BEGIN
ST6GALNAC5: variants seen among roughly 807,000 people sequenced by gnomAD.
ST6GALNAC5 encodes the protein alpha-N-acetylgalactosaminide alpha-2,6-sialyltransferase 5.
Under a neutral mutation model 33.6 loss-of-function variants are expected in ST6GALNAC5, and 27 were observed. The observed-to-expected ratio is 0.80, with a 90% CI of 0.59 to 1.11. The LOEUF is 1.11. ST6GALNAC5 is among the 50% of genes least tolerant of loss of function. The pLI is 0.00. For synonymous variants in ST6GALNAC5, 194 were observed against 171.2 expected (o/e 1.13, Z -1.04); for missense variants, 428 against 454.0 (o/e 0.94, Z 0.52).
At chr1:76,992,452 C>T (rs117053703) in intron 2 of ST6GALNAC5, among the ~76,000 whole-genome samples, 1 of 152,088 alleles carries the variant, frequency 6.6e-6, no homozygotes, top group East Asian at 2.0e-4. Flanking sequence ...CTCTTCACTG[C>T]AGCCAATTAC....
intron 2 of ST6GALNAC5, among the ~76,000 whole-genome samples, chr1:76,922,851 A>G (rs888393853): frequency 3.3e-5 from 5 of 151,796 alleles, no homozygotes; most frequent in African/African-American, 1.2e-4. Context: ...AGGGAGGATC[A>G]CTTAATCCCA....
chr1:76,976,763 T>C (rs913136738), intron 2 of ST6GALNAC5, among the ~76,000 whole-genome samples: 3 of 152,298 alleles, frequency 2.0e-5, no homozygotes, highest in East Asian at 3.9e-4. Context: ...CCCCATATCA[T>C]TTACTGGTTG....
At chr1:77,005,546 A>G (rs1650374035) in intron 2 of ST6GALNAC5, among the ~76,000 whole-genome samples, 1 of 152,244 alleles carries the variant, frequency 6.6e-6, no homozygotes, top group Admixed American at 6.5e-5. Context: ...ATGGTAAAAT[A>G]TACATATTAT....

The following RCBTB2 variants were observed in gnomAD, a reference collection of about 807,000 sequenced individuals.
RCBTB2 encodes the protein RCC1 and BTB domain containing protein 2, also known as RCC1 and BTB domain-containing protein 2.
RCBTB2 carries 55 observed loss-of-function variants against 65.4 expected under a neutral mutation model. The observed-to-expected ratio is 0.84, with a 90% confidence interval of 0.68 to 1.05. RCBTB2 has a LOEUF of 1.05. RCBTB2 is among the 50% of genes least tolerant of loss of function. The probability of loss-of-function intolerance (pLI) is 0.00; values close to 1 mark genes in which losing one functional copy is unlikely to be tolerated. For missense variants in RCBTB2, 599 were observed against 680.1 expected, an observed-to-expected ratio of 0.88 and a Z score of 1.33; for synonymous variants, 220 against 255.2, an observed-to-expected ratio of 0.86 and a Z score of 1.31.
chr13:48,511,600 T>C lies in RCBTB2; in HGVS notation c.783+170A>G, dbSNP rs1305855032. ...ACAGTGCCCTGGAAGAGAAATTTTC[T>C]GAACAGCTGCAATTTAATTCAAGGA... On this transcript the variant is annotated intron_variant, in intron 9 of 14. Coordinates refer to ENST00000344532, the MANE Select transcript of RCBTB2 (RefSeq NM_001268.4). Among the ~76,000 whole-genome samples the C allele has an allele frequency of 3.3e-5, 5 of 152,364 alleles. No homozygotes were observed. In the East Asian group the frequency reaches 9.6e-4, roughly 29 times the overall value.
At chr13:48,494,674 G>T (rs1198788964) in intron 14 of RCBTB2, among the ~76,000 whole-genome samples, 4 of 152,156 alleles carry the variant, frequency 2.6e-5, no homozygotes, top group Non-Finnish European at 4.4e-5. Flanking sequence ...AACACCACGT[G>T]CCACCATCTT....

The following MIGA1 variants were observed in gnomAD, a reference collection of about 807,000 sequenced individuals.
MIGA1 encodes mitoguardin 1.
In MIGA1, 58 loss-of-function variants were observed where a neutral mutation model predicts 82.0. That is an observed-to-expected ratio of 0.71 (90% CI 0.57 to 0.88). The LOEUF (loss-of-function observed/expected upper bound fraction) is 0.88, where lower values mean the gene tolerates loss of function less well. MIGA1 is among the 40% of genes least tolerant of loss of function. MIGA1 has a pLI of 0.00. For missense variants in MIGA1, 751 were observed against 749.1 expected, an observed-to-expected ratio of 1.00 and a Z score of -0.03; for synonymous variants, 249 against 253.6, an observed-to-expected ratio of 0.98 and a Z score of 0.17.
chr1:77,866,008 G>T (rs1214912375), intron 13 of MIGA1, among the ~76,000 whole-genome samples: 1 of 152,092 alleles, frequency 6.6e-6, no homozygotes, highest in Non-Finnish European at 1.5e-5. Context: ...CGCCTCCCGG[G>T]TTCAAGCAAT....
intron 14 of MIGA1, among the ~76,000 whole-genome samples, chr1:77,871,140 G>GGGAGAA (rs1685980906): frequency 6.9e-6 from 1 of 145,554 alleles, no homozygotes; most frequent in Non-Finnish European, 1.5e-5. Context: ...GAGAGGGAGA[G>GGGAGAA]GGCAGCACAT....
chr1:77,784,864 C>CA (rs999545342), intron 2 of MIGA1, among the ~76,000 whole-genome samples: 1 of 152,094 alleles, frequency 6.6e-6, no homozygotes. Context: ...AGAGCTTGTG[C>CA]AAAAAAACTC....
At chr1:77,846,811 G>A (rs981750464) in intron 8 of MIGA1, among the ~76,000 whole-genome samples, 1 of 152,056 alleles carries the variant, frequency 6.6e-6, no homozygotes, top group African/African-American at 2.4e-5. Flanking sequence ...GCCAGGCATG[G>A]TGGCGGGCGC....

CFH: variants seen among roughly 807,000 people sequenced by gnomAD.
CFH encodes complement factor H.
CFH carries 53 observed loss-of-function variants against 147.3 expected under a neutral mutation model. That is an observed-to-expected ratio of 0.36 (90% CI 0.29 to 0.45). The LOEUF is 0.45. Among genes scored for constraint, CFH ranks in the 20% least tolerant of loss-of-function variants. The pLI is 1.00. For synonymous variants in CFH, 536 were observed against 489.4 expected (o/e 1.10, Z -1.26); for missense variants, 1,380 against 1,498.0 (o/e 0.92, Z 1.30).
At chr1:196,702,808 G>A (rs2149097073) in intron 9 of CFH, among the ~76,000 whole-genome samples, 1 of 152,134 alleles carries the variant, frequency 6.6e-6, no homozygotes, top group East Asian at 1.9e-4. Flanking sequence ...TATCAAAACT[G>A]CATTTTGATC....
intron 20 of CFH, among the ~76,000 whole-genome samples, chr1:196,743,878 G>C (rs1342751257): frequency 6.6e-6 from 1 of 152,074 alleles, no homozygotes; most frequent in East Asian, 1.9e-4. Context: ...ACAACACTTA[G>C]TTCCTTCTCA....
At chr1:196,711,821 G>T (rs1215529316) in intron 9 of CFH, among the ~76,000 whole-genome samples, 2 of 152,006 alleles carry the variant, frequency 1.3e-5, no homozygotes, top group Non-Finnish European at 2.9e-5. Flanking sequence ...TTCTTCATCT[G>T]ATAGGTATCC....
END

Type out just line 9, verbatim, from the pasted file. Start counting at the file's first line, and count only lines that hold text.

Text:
RCBTB2 encodes the protein RCC1 and BTB domain containing protein 2, also known as RCC1 and BTB domain-containing protein 2.